The top obstacles for users of Guide dogs

12 Sep

The Guide Dogs association asked 100 users of guide-dogs to identify the worst obstacles they encountered. The percentages below are based on the number of times each item was mentioned by respondents.

  1. Overgrown hedges / low-hanging branches 87%
  2. Cars parked on the pavement 81%
  3. Wheelie bins / loose rubbish 58%
  4. Shop furniture, incl. A-boards, displays, canopies, etc. 42%
  5. Broken glass 34%
  6. Badly maintained pavements 33%
  7. Cyclists/scooters/skateboards on the pavement 28%
  8. Chewing gum 22%
  9. Discarded bikes outside shops 20%
  10. Lack of barriers around road-works 19%

3 Responses to “The top obstacles for users of Guide dogs”

  1. SteveL ( a Bristol Traffic team member) September 12, 2011 at 8:48 pm #

    This is a good argument for bike parking by shops that is off-pavement, but either on the road on buildouts, or by the road in a way that doesn’t block passing by

    We’ve seen this in Portsmouth, where bike parking close to the kerb by a zebra crossing not only encourages pedestrians to stop by the crossing, it stops anyone pulling up on the pavement on the zig zags to shop. It’s less than perfect, but a start
    http://bristolcars.blogspot.com/2009/01/portsmouth-cycle-parking.html

    Bristol has some on road parking, both official and unofficial, with the official ones taking up pay-to-park slots at various locations in town
    http://bristolcars.blogspot.com/2011/01/bike-parking-rollout.html

    What’s interesting there is the number of people who complained, including the shop keepers. Apparently someone in the council pointed out to one of them that the build out only took up one space, and if they wanted they’d reduce the number of residents permits that the shop owner had to free up more space -at which point they backed down.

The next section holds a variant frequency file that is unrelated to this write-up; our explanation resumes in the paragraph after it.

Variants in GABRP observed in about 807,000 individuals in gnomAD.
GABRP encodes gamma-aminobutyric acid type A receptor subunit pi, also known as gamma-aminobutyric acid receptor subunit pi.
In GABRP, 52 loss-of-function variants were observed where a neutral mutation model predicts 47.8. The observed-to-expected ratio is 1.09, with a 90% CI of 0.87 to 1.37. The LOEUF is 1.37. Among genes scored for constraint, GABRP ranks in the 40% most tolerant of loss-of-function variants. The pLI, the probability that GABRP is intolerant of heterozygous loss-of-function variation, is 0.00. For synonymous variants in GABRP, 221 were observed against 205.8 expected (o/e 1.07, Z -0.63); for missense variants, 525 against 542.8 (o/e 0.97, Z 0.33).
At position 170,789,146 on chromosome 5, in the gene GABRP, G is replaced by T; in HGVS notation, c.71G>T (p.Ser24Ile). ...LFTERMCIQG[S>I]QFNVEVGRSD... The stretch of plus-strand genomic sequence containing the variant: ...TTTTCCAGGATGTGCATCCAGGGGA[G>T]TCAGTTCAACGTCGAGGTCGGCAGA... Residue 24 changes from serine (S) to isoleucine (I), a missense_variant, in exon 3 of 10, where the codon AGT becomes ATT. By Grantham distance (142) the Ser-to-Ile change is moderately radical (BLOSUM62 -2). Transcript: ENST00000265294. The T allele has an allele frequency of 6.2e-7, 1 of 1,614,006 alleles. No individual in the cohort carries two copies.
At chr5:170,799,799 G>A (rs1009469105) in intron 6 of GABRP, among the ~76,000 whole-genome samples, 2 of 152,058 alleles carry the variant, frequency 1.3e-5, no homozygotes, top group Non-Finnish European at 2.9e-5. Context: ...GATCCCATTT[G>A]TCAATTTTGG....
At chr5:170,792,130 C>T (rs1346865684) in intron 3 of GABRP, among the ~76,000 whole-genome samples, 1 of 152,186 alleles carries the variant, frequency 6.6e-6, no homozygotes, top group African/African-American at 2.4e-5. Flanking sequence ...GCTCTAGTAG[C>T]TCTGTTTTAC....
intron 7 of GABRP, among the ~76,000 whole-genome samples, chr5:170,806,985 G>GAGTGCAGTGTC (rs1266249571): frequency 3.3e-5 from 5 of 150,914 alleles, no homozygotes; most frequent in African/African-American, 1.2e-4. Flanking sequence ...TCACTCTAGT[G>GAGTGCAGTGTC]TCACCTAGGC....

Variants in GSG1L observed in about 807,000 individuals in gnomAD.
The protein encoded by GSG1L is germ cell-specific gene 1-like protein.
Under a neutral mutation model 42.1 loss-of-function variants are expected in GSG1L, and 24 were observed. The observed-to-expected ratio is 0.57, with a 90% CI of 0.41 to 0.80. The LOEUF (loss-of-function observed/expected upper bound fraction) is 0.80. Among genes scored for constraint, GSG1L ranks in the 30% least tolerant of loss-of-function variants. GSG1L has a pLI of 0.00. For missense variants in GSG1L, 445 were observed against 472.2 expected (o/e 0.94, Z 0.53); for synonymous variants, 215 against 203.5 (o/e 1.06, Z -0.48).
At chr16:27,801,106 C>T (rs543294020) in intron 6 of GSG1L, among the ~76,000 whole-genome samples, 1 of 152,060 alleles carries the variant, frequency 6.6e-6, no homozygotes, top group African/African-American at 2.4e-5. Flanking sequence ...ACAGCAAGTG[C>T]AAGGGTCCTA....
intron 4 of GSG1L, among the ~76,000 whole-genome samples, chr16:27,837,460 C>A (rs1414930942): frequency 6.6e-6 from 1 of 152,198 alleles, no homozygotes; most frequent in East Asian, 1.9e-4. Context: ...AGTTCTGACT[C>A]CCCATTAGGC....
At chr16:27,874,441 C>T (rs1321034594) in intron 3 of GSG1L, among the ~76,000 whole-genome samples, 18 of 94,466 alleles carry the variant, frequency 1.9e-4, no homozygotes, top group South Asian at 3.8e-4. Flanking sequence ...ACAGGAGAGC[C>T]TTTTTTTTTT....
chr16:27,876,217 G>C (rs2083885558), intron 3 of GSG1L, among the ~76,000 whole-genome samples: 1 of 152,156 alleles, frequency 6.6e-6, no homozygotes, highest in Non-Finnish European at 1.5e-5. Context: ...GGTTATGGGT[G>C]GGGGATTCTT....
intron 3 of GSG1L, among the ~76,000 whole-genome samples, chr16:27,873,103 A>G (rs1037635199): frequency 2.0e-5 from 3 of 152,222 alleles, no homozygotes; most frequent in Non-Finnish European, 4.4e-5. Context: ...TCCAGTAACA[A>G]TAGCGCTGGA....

It shows another form of conflict. Pavements are be appropriated to fit more cars into towns and cities, but any form of bike parking on roads, as opposed to pavements, gets criticism from the local press as an anti-car activity. Taking away a bit of pavement doesn’t. Which implies that councils -if they add bike parking at all- do it on pavement just to avoid the bad press.

    • Peter Miller September 12, 2011 at 9:56 pm #

      Very good points, and you are doing such good work down Bristol way!

  2. Graham Martin-Royle September 12, 2011 at 10:20 pm #

    Interesting to see wheelie bins so high up. In Hastings, along the seafront road, most of the old houses have been converted to flats. As the council has changed over to wheelie bins, the residents apparently have nowhere to put them (what they did with the old dustbins I don’t know). They are not only left out on the pavement, metal stands have been concreted into the pavement to which the bins can be padlocked. Parking spaces COULD have been utilised but of course, that might have upset the almighty motorist.

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